•SIR, * This sets out to you from my summer-house, upon the terrace, where I am enjoying a few hours sunshine, the scanty sweet remains of a fine autumn. The year is almost at the lowest; so that, in all appearance, the rest of my letters between this and spring will be dated from my parlour fire, where the little fond prattle of a wife and children will so often break in upon the connexion of my thoughts, that you will easily discover it in my style. If this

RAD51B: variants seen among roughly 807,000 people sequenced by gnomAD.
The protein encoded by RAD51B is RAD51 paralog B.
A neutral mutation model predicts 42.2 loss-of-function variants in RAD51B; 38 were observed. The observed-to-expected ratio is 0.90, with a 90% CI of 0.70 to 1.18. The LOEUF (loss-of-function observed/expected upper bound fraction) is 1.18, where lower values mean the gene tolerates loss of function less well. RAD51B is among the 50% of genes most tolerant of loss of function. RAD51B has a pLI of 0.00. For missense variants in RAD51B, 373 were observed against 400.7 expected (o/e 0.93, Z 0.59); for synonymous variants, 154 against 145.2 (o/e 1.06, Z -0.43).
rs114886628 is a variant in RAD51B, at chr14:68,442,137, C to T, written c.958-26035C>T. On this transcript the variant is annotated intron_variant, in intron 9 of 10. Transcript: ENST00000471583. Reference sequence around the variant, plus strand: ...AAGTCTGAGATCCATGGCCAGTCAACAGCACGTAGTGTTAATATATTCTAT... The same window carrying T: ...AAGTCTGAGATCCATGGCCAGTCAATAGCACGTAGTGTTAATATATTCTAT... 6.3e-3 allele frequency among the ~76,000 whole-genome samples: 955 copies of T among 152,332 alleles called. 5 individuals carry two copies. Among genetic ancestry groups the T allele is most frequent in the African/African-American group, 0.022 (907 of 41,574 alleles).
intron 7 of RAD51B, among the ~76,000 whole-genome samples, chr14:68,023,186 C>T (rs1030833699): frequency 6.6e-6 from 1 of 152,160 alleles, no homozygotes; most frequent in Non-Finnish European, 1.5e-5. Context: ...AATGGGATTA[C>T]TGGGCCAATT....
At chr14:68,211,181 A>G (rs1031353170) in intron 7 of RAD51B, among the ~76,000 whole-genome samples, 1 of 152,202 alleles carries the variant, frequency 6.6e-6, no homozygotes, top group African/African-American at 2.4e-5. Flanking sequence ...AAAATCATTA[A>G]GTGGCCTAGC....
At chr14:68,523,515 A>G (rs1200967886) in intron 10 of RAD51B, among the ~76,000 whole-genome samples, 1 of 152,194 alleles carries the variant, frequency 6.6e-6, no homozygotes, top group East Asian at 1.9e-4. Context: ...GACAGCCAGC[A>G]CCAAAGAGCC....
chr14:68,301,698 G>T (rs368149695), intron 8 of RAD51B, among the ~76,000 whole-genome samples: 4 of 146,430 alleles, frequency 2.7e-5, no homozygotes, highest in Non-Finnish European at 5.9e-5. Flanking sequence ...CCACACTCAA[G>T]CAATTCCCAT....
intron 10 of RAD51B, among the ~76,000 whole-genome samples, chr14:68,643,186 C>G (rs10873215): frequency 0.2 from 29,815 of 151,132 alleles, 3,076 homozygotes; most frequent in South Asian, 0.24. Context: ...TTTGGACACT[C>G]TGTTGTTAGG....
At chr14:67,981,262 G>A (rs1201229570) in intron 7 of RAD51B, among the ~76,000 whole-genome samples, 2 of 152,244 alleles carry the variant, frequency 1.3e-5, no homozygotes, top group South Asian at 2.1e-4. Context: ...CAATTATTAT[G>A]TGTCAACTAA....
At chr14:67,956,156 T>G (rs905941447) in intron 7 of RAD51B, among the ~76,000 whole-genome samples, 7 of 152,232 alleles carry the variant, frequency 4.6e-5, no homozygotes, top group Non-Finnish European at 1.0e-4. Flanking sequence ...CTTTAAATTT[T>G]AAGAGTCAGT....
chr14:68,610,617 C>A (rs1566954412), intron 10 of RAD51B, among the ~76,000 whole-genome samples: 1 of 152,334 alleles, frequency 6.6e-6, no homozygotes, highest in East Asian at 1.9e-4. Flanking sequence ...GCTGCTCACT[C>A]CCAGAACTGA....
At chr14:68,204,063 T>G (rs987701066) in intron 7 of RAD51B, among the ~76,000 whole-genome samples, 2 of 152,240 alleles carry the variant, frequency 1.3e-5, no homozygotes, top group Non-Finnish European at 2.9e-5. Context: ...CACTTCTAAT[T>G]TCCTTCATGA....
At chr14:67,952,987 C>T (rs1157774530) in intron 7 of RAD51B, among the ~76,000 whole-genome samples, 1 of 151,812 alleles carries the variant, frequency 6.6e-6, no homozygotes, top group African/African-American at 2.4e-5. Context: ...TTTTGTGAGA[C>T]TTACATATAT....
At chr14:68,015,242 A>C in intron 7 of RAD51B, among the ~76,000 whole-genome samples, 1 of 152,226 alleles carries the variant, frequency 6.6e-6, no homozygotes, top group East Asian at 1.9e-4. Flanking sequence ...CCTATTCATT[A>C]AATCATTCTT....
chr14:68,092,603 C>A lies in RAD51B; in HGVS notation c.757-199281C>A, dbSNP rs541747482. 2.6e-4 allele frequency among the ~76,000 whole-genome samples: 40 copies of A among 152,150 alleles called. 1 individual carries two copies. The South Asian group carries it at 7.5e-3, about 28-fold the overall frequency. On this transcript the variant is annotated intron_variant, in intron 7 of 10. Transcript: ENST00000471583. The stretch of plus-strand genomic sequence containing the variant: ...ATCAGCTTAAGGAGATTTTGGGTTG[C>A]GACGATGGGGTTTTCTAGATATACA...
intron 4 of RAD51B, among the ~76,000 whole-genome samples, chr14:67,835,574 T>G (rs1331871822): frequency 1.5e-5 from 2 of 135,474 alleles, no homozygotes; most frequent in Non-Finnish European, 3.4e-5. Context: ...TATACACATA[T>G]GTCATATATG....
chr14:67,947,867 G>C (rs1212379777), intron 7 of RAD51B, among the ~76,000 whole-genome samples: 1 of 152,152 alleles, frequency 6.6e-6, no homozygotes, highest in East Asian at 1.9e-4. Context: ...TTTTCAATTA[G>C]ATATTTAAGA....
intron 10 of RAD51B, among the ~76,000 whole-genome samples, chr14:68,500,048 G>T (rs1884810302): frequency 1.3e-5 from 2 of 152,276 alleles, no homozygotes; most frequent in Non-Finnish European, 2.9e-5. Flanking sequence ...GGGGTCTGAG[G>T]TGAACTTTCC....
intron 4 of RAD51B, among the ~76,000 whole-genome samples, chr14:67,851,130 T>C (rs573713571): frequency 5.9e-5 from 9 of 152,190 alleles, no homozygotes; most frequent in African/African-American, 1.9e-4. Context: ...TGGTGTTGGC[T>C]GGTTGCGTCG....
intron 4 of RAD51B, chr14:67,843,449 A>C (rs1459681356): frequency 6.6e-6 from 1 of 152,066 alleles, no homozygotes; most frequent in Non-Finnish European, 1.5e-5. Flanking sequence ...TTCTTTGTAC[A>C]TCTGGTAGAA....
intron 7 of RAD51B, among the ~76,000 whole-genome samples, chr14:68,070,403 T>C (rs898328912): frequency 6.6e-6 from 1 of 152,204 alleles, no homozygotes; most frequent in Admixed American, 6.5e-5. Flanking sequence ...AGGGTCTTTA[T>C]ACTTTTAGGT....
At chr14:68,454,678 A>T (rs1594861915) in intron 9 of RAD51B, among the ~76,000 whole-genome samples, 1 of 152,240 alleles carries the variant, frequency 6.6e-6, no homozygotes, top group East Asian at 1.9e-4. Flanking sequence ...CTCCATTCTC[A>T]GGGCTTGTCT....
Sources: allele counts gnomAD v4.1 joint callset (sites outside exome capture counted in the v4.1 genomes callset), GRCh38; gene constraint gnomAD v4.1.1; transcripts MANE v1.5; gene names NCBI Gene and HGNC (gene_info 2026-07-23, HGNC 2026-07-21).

winter should prove as severe as the last, I can tell you beforehand, that I am likely to be a very miserable man, through the perverse temper of my eldest boy. When the frost was in its extremity, you must know that most of the blackbirds, robins, and finches of the parish, whose music has entertained me in the summer, took refuge under my roof. Upon this, my care was, to rise every morning before day, to set open my windows for the reception of the cold and hungry, whom at the same time I relieved with a very plentiful alms, by strewing corn and seeds upon the floors and shelves. But, Dicky, without any regard to the laws of hospitality, considered the casements as so many traps, and used every a prisoner at discretion. Never did tyrant exercise more various cruelties. Some of the poor creatures he chased to death about the room; others he drove into the jaws of a blood-thirsty cat; and even in his greatest acts of mercy, either clipped the wings, or singed the tails, of his innocent captives. You will laugh, when I tell you I sympathized with every bird in its misfortunes; but I believe you would think me in the right for bewailing the child's unlucky humour. On the other hand, I am extremely pleased to see his younger brother carry a universal benevolence towards every thing that has life. When he was between four and five years old, I caught him weeping over a beautiful butterfly, which he chanced to kill as he was playing with it; and I am informed, that this morning he has given his brother three half-pence, which was his whole estate, to spare